Also referred to as Peruvian ginseng or Lepidium, Maca is a plant commonly used in herbal medicine to treat a number of conditions, including impotency, anemia and Chronic Fatigue Syndrome. Despite the benefits that many people attribute to the herb, Maca has the potential to cause side effects in some patients.
Side effects from Maca are very infrequent and not normally serious in nature, report both the Natural Medicines Comprehensive Database and Drugs.com.
According to the Natural Medicines Comprehensive Database, there is no information available about the long term use of maca. Most herbal practitioners recommend discontinuing use of maca after three months.
The most common side effect of maca is an allergic reaction, causing itching or hives. Rarely, these reactions are more serious, posing a risk for rapid heartbeat, wheezing, shortness of breath, severe swelling of your face and extremities and even anaphylactic shock.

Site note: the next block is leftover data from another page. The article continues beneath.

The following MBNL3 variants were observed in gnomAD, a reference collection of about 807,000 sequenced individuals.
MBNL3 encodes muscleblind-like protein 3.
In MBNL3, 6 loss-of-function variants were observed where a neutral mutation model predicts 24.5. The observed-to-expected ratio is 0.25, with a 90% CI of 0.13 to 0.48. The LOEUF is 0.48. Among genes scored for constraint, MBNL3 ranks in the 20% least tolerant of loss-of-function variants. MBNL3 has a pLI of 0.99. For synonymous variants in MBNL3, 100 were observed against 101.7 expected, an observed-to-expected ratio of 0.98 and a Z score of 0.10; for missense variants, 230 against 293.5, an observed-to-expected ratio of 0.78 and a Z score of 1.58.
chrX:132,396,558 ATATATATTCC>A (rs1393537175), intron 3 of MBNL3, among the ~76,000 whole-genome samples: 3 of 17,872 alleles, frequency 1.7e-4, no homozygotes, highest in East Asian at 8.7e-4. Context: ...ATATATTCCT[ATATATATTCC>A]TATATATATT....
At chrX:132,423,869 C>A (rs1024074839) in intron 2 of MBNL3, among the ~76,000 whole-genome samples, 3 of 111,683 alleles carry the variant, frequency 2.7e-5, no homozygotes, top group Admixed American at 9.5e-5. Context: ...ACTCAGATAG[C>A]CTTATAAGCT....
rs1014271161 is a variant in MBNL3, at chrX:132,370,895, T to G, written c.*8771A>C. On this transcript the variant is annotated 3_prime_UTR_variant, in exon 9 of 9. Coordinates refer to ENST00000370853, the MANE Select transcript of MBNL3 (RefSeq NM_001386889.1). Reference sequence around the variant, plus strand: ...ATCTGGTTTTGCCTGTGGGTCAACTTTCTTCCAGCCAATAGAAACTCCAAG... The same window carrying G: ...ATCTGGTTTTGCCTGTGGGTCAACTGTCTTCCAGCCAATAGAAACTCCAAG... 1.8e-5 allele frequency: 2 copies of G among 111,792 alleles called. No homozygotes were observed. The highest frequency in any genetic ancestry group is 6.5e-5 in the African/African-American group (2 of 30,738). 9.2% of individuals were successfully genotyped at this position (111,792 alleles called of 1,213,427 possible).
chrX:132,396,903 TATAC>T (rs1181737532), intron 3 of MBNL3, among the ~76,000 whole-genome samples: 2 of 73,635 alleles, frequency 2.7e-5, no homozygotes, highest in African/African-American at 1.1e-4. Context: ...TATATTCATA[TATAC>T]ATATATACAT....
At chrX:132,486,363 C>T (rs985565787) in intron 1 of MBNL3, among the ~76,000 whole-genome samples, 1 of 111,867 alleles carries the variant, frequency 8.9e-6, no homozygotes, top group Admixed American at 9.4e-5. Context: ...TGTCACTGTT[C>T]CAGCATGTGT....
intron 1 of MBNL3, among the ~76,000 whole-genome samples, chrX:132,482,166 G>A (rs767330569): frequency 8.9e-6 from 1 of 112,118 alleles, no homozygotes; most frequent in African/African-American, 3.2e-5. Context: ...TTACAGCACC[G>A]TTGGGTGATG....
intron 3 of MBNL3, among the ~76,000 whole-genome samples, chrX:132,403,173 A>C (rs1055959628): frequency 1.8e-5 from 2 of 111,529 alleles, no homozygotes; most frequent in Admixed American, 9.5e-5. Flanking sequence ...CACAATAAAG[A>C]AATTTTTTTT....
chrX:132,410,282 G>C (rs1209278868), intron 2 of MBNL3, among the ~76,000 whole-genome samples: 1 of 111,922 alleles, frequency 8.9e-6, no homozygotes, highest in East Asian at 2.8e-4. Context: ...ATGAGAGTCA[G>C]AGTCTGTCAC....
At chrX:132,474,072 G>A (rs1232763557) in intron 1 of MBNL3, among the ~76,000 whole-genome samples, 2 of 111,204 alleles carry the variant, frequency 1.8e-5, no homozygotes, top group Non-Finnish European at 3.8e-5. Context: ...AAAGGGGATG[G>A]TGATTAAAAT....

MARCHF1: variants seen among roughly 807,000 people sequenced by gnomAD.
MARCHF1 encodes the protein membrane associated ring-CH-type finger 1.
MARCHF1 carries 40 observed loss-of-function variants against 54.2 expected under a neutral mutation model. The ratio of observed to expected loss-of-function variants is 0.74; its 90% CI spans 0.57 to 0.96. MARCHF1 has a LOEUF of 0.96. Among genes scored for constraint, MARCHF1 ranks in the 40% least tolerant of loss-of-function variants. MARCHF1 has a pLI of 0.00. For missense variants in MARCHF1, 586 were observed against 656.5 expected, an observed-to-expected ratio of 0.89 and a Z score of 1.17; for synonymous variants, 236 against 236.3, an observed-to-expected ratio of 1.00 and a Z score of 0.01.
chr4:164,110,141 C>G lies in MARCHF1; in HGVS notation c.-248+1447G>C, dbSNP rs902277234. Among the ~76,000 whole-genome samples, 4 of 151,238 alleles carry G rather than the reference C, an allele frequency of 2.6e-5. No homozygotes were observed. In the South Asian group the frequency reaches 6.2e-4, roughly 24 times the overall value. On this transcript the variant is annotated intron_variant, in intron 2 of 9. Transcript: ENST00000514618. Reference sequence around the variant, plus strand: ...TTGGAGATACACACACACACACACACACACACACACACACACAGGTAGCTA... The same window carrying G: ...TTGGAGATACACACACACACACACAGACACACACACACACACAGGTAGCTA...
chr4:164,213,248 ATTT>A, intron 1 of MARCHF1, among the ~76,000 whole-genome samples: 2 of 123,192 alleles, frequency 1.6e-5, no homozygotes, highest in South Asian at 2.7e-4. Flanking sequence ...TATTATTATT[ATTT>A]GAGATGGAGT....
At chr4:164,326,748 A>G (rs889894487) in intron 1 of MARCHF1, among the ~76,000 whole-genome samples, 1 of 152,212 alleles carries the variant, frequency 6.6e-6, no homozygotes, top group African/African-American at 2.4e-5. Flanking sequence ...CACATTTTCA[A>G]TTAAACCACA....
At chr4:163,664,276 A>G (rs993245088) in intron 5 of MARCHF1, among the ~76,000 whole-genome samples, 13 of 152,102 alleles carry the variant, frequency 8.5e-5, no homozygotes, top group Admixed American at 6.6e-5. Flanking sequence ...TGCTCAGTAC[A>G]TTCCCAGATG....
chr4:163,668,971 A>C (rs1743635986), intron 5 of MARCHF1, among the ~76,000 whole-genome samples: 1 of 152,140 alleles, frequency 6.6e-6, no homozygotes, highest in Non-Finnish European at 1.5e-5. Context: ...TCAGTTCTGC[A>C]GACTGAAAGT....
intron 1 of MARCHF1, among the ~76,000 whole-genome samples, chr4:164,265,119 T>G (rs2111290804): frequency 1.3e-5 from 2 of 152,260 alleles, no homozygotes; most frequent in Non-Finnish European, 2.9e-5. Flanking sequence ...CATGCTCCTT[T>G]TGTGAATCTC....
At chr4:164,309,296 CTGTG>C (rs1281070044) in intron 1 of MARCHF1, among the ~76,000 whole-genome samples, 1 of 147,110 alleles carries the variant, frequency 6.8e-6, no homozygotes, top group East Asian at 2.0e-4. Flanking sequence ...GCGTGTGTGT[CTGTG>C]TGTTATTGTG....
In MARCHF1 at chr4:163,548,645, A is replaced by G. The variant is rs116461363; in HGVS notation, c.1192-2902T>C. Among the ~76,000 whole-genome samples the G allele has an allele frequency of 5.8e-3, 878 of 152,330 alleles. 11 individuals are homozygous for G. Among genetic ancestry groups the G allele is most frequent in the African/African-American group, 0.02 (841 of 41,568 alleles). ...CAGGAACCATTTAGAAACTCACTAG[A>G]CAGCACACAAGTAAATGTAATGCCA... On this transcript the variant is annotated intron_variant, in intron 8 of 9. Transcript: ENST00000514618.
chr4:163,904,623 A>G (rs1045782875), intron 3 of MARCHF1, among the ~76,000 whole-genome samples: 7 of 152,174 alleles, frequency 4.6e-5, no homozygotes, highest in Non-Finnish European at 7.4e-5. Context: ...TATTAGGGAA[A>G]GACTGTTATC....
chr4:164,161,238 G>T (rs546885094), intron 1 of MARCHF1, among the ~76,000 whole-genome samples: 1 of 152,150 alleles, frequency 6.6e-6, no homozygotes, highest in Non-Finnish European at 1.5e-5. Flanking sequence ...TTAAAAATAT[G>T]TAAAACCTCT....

If you have a history of diabetes, hypertension or cardiovascular disease, it may not be safe for you to take Maca, cautions the Physician’s Desktop Reference. Use of maca has the potential to cause goiters if you suffer from thyroid-related conditions.
Because there is no proof that the herb has no adverse effects upon fetal development or infants, do not take maca while pregnant or nursing. If you are taking any prescription or over-the-counter medications, consult your doctor before starting a maca regimen.
References and ResourcesNatural Medicines Comprehensive Database: Maca
Physicians Desktop Reference: Maca